Italy will as-ever be relying on their pack when they tackle one of the toughest groups at the World Cup in New Zealand next month but their Achilles Heel remains the lack of a top-class flyhalf.
Italy has one of the most respected packs in the world with tighthead prop Martin Castrogiovanni and No.8 and captain Sergio Parisse considered amongst the very best in the world in their respective positions.
Add to that the ever-improving Alessandro Zanni, fellow flank Mauro Bergamasco and veteran lock Marco Bortolami and Italy are certainly not short on talent and muscle in their front eight.
But while the the Azzurri's pack is their undoubted strength it is not capable of carrying them to the world crown, and it is their failings in the backline which are most apparent.
Italy's backs in general are good players; Gonzalo Canale, Andrea Masi and Mirco Bergamasco have all played for years in France.
But they have several problems. One is that most of their backs are naturally centres and hence converting a pair of them into wings is not ideal. Then there is their lack of pace as there really isn't a single flyer in the team.
But the main problem is the halfback pairing. Italy have been searching for years to replace Alessandro Troncon and Diego Dominguez and have so far failed to do so.
Coach Nick Mallett has had the good fortune to discover a pair of promising young scrumhalves in Edoardo Gori and Fabio Semenzato who both look capable of enjoying long international careers, although they are far from being the finished product.
But it is at flyhalf that Italy really struggle.
Mallett thought he had found a temporary solution when former Australian Rugby League international Craig Gower, who has an Italian grandfather, came to Europe to play Rugby Union for Bayonne.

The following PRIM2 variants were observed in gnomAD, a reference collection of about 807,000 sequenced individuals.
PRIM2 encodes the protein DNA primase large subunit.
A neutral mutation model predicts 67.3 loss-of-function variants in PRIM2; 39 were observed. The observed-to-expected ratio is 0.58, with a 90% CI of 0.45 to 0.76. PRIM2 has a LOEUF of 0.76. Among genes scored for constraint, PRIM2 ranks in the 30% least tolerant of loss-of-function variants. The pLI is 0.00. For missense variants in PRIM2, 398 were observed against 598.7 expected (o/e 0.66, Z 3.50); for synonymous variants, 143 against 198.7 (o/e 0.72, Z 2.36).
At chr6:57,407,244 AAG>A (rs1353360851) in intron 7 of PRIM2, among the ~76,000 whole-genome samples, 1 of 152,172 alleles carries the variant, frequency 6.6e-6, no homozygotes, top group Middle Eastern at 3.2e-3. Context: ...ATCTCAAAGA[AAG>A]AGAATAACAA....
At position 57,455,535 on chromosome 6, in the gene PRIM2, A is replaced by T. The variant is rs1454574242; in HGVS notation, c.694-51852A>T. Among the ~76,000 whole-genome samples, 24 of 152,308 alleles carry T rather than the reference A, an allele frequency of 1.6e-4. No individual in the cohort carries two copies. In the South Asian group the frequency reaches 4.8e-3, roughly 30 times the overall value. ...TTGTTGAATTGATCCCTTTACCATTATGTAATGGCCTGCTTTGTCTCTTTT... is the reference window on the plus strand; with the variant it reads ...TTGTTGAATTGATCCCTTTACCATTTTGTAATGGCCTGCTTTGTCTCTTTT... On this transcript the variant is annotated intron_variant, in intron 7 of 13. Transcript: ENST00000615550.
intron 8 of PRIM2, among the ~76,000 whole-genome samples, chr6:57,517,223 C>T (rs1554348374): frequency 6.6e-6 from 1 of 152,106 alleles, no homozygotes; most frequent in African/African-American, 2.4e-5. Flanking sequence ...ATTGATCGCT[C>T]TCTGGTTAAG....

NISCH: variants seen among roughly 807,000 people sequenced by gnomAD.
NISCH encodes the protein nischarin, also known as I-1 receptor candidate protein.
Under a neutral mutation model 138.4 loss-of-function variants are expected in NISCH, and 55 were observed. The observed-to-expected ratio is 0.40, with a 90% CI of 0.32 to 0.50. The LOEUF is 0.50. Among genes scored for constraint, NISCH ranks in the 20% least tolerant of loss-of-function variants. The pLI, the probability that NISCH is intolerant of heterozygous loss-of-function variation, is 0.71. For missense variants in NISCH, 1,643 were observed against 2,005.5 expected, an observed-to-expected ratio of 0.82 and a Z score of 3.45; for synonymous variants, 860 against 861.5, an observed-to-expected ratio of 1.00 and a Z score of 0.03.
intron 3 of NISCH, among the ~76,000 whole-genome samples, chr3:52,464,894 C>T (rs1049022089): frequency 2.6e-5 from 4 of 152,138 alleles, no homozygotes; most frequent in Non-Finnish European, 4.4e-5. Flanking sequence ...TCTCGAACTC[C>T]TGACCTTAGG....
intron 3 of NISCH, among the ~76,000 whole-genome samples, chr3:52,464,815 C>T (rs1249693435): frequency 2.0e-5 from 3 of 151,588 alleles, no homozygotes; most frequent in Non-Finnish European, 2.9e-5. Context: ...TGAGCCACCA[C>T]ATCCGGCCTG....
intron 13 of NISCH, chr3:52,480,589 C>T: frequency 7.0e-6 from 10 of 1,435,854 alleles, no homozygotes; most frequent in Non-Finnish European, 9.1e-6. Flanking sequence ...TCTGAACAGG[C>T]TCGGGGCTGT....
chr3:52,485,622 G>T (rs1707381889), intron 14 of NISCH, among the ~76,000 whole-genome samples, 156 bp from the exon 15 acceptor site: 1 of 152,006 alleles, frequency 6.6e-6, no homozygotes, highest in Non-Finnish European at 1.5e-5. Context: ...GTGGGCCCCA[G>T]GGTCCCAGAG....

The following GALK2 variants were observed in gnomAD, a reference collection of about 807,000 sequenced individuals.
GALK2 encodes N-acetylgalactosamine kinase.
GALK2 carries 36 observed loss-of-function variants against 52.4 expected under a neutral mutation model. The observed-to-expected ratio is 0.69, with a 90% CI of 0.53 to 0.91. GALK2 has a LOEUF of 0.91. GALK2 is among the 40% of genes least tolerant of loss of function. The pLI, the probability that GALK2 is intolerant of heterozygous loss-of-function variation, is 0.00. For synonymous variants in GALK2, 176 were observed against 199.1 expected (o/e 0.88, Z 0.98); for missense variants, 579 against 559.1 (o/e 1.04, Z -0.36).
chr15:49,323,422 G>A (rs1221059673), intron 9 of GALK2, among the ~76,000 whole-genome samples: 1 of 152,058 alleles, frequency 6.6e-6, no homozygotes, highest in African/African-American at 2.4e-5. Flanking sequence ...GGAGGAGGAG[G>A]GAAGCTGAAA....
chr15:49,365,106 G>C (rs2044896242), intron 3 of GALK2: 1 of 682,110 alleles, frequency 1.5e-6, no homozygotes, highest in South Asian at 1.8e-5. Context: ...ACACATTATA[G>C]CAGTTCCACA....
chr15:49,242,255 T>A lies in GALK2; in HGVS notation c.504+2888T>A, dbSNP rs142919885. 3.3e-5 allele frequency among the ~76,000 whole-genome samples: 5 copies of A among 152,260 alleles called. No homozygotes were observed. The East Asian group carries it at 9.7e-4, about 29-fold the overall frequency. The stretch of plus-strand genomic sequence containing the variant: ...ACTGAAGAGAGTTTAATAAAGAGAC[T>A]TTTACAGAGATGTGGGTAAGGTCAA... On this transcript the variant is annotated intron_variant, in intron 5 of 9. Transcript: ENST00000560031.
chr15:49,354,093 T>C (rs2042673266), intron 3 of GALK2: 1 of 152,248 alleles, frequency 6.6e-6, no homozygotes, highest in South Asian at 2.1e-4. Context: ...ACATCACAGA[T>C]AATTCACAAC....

Mallett gave Gower the No.10 shirt and handed him his debut in June 2009 on tour in Australia. But after just 14 starts for Italy and one Six Nations season under his belt, Gower injured his knee against Argentina last November and never played for the Azzurri again.
In June he withdrew from Italy's pre-World Cup squad claiming his knee was not properly repaired, only to then announce a month later that he had signed a contract with Harlequins Rugby League for next season.
This left Mallett with a headache ahead of the World Cup. His original flyhalf in 2008 Andrea Marcato lost his place to Luke McLean in the 2009 Six Nations but when Mallett switched McLean to fullback, he discovered Gower.
However with Gower injured during the last Six Nations the baton was handed to Luciano Orquera, who is almost certain to start for Italy in New Zealand, and Kristopher Burton.
Orquero, however, was widely criticised for costing his side three tries in their 59-13 thrashing by England at Twickenham earlier this year while Burton didn't even make Mallett's final World Cup squad with youngster Riccardo Bocchino preferred.
It is hard not to feel sorry for the South African who is held in high esteem by his players and has taken the team forward in great strides but already knows the World Cup will be his Italian swansong. Mallett has turned Italy into a highly competitive side, able to match top level opponents physically for 80 minutes. The pack is now among the most respected in the world and despite a lack of genuine quality and talent in the backline, they are steadily improving. And yet the former South Africa and Stade Francais coach has been ruthlessly discarded by the Italian Federation who could be accused of have designs above their station. It is hard to see how his replacement Jacques Brunel will do any better.
Martin Castrogiovanni - prop
So much of the reason Italy's pack is respected the world over is down to the impact of the Leicester Tigers tighthead. Considered by many to be the best in the world in his position his scrummaging expertise is the source of many a penalty for Italy. He has his detractors with several opposition coaches accusing him in the past of bending the rules beyond breaking point. Castro, as he is affectionately known in Italy, is one of the main reasons the Azzurri are no longer a pushover for anyone as they will always cause opponents problems up front in the contact zone.
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